CW3E Co-hosts 2022 Southwest Extreme Precipitation Symposium (SWEPSYM)
May 9, 2022
The Southwest Extreme Precipitation Symposium (SWEPSYM) is annual conference co-hosted by the Floodplain Management Association and CW3E that brings together the scientific community and water managers in the Southwest. With a focus on the Southwest, SWEPSYM shares technical and scientific information and knowledge about the various factors responsible for producing extreme precipitation and the hydrologic processes. The conference is at the interface of research and applications. It has four main objectives:
- Focus attention on precipitation extremes in the Southwest region of North America.
- Share technical and scientific information and knowledge about the various factors responsible for producing extreme precipitation and the hydrologic processes responsible for generating runoff in semi-arid and arid areas.
- Advance our understanding of the causes of extreme precipitation with the hope of increasing the warning time in advance of extreme precipitation ranging from droughts to floods.
- Exchange information on engineering, water management, flood control, agricultural, and other Southwest regional needs for information on extreme precipitation.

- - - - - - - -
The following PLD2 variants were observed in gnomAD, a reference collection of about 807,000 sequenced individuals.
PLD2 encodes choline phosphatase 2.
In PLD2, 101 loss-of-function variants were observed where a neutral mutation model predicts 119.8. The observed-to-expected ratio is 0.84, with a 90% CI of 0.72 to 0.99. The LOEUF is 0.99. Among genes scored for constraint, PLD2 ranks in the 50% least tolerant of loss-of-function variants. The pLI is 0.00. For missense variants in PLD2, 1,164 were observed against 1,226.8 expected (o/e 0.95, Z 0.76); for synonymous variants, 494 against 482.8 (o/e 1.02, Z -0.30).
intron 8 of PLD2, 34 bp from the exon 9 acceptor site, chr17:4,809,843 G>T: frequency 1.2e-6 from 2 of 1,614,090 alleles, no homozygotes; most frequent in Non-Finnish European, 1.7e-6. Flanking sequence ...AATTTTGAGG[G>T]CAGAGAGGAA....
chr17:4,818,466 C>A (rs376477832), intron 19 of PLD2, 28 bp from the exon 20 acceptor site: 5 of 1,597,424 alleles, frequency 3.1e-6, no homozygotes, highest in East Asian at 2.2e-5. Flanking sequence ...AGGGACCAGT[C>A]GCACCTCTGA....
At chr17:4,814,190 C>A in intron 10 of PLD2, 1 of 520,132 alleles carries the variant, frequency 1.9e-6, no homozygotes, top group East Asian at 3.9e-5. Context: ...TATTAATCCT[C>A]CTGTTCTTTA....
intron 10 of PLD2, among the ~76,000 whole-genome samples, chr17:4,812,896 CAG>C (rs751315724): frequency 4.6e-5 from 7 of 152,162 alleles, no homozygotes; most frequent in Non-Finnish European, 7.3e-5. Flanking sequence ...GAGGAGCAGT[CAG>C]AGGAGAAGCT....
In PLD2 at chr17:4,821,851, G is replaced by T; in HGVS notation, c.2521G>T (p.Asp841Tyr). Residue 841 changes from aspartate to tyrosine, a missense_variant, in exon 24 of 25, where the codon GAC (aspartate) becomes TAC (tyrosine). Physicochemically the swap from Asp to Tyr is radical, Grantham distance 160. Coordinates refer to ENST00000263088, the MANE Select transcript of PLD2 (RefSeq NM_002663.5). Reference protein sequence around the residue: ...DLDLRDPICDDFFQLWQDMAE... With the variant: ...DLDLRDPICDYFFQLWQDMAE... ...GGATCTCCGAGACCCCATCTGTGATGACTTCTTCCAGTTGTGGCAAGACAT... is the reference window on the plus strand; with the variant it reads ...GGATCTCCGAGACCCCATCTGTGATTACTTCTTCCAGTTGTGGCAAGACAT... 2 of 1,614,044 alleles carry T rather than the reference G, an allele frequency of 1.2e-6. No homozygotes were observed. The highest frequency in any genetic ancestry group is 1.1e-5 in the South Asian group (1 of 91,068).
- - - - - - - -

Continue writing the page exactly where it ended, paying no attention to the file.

The theme of SWEPSYM 2022 is “Exploring Extreme Conditions Impacting Water Supply from the Colorado River Basin”. The Colorado River Basin provides water to nearly 40 million people and irrigates about 5.5 million acres of agricultural lands in the Southwestern US and Mexico. Recent climate change impacts are altering the extreme conditions in the basin, including both droughts and floods. Exploring the past, current, and potential future impacts from climate changes on droughts and floods was covered by ten speakers over two half-days virtually on April 19th and 20th.
CW3E researchers Zhenhai Zhang, Mu Xiao, and Kerstin Paulsson gave presentations. Zhenhai’s presentation explored the characteristics and origins of extreme snow days and weeks in the Yampa River Basin, including the role of inland penetrating atmospheric rivers. Mu gave a presentation about examining hydrological modeling with remote sensing products in the Colorado River Basin with a focus on surface temperature and snowpack. Kerstin introduced a new long-term hydrometeorological observing network in the Upper Yampa River Basin, which is a collaboration between CW3E, Colorado Mountain College, and Yampa Valley Sustainability Council to monitor soil moisture in the Upper Yampa River Basin with the support from the Upper Yampa Water Conservancy District. Anna Wilson of CW3E helped moderate the event.
The presentations from this year’s Symposium, including video, audio, slides (PDF format), and abstracts, are now available on the SWEPSYM website.